Raster is a program for the analysis of data from a low cost remote sensing platform known as airborne videography. The application of the technique in Eucalypt forests is described by Coops et al 1998. Raster was developed to apply these technique in a mixed Callitris/Eucalyptus woodland located at Burrendong in New South Wales.
Raster is used to import the raw data files produced by the Specterra Systems Digital Multispectral Video System (DMSV). These binary files have a 512 byte header, followed by data structures representing light intensity in four bands (red, green, blue and near-infrared). Raster imports these files and converts the red, green and blue bands into a single bitmap (32 bit). The near-infrared (NIR) band is also saved as a bitmap. Facilities are available for converting files between four formats: Grid ASCII (Arc Info), BIL (binary inter-leaved), SUB (the raw format) and Windows bitmaps.
The interface allows you to filter out particular RGB values from an image, or transform the image using arbitrarily complex manipulations of the RGB values. The program also computes the habitat complexity score described by Coops et al 1998, and there are facilities for comparing the complexity scores with the original files. You can see a screenshot here, and download either a zipped file, or a self-installing exe (each is about 2.2Mb - including a test file). The program was developed for in-house use, and so I haven't had time to write a help file. If you have problems, please contact email@example.com.
I thank Nicholas Coops and Darius Culvenor for help in constructing the program. For further details, please consult the article by: Coops, N. C. & Catling, P. C. (1997) Utilising airborne multispectral videography to predict habitat complexity in eucalypt forests for wildlife management. Wildlife Research, 24, 691-702; or see the web page of Coops et al 1998.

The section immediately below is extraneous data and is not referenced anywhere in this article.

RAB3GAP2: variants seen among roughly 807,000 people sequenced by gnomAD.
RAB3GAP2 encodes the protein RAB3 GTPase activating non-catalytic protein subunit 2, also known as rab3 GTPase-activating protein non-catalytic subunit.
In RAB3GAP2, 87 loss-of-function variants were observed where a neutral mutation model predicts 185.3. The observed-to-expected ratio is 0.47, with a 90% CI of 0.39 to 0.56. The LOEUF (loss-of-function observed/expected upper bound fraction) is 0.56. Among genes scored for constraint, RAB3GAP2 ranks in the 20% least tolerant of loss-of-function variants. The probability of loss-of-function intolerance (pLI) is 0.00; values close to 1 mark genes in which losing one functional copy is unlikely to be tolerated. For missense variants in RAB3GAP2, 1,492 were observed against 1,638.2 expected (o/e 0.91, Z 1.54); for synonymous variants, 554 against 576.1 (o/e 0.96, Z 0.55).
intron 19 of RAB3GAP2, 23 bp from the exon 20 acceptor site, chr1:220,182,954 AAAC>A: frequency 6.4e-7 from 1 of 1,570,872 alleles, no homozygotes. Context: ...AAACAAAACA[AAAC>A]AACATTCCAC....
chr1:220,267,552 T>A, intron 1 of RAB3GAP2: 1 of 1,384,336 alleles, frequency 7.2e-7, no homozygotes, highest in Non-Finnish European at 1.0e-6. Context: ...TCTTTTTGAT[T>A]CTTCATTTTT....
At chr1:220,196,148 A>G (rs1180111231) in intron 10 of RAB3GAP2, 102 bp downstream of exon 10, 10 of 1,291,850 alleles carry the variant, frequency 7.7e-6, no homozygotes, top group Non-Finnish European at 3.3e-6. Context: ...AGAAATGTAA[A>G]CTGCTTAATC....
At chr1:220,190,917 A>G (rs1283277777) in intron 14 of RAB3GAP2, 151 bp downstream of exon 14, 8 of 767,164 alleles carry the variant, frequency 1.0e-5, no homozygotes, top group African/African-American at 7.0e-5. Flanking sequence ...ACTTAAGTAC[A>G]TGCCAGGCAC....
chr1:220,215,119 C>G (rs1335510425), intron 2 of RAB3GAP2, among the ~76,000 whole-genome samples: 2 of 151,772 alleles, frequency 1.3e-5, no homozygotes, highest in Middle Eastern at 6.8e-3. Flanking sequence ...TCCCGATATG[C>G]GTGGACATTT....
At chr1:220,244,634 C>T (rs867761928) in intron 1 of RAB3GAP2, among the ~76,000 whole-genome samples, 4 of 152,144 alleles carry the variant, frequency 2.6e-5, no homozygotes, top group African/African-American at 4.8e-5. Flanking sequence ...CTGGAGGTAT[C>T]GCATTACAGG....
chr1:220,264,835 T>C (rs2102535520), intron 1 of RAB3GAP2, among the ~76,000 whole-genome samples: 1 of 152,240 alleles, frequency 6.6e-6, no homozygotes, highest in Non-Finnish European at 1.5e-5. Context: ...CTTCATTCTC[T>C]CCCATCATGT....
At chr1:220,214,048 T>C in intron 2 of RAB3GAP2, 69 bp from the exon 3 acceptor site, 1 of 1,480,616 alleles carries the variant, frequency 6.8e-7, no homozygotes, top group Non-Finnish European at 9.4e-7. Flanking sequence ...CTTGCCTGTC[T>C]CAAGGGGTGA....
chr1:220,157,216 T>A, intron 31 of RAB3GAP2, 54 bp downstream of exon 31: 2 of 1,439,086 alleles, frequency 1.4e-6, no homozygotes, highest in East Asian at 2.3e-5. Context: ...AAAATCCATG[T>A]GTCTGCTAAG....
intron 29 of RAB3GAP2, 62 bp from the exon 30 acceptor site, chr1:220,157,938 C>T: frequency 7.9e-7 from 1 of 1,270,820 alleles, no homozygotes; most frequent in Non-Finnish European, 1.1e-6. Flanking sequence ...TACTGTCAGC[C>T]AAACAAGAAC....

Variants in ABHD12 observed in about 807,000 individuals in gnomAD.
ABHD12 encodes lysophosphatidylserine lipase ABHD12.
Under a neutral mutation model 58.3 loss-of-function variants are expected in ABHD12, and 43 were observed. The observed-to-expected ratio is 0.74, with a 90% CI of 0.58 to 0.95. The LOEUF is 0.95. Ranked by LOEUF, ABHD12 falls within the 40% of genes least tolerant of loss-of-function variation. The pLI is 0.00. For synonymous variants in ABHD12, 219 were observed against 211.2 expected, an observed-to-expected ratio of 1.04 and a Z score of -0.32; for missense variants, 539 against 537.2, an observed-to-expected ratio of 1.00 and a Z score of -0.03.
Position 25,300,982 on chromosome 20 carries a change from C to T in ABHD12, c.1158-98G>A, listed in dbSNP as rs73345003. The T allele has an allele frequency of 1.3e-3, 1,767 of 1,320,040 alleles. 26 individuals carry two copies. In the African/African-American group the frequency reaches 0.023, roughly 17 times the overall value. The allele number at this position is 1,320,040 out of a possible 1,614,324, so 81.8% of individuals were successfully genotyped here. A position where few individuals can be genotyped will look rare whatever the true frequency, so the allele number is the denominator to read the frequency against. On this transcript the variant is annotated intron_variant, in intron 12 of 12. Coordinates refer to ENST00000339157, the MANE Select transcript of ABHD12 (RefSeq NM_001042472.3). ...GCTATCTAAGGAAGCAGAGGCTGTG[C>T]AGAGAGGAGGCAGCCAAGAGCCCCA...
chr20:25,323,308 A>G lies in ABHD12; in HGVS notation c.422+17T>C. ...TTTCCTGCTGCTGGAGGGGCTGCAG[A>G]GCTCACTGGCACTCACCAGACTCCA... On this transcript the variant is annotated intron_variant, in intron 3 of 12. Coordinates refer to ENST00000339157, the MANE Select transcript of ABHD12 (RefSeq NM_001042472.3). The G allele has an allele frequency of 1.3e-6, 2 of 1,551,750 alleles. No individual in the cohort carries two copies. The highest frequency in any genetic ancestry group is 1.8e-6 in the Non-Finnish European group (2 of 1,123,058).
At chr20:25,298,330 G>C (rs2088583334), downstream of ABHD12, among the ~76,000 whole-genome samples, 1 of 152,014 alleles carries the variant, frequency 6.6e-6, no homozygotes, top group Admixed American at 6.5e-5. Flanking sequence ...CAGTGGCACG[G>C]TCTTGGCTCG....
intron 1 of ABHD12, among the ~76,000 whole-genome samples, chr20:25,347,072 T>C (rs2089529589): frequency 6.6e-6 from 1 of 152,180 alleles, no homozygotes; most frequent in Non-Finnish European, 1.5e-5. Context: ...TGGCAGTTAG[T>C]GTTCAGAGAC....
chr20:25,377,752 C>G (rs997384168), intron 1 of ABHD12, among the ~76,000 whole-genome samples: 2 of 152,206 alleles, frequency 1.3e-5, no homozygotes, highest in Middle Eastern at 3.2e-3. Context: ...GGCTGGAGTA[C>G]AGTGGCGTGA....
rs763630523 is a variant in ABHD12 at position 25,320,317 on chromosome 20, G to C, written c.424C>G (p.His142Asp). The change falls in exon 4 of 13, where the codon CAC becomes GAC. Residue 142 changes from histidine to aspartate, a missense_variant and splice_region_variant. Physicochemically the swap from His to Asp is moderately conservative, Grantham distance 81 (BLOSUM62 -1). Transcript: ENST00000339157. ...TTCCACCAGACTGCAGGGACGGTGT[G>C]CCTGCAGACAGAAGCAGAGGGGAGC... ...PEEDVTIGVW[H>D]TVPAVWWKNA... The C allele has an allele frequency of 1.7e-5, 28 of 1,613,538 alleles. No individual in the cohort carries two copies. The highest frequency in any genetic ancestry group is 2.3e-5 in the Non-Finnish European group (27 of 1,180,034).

GLORIA is a computer modelling system that simulates the births and deaths (demography) of livestock populations. It is a tool for exploring the way management interventions affect smallhold farmers. Because the model deals with small numbers of stock, it is necessarily a stochastic model — meaning that there is some element of chance in the final outcome. This makes the model appropriate for examining not only the gross returns from interventions, but also the risks that are inherent in any farming system. The current version of the program has been released to demonstrate the utility of such a model for both formal analysis of interventions, and as a unifying framework for production of extension materials. To support this dual role, the model provides two modes of operation. In "advanced" mode, the software package provides great flexibility in the specification of the demographic system, and provides access to a suite of tools for analytical studies. These tools allow the user to estimate the probability distributions of financial outcomes or other system metrics as a function of arbitrary interventions. In "ordinary" mode, the analytical tools are hidden, and the emphasis of the program is on (1) demonstrating or exploring the consequences of interventions in terms of gross financial outcomes and risk, and (2) the provision of a flexible, html-based information support package. The predefined scenarios provided in the current package are derived from studies of the goat raising in the Philippines, and parts of the interface reflect that historical background. However, the software package is capable of modelling a variety of livestock systems — not just goats. There has been no formal assessment of the validity of the parameters used in the predefined scenarios, and so the scenarios should not yet be used for predicting the outcome of interventions.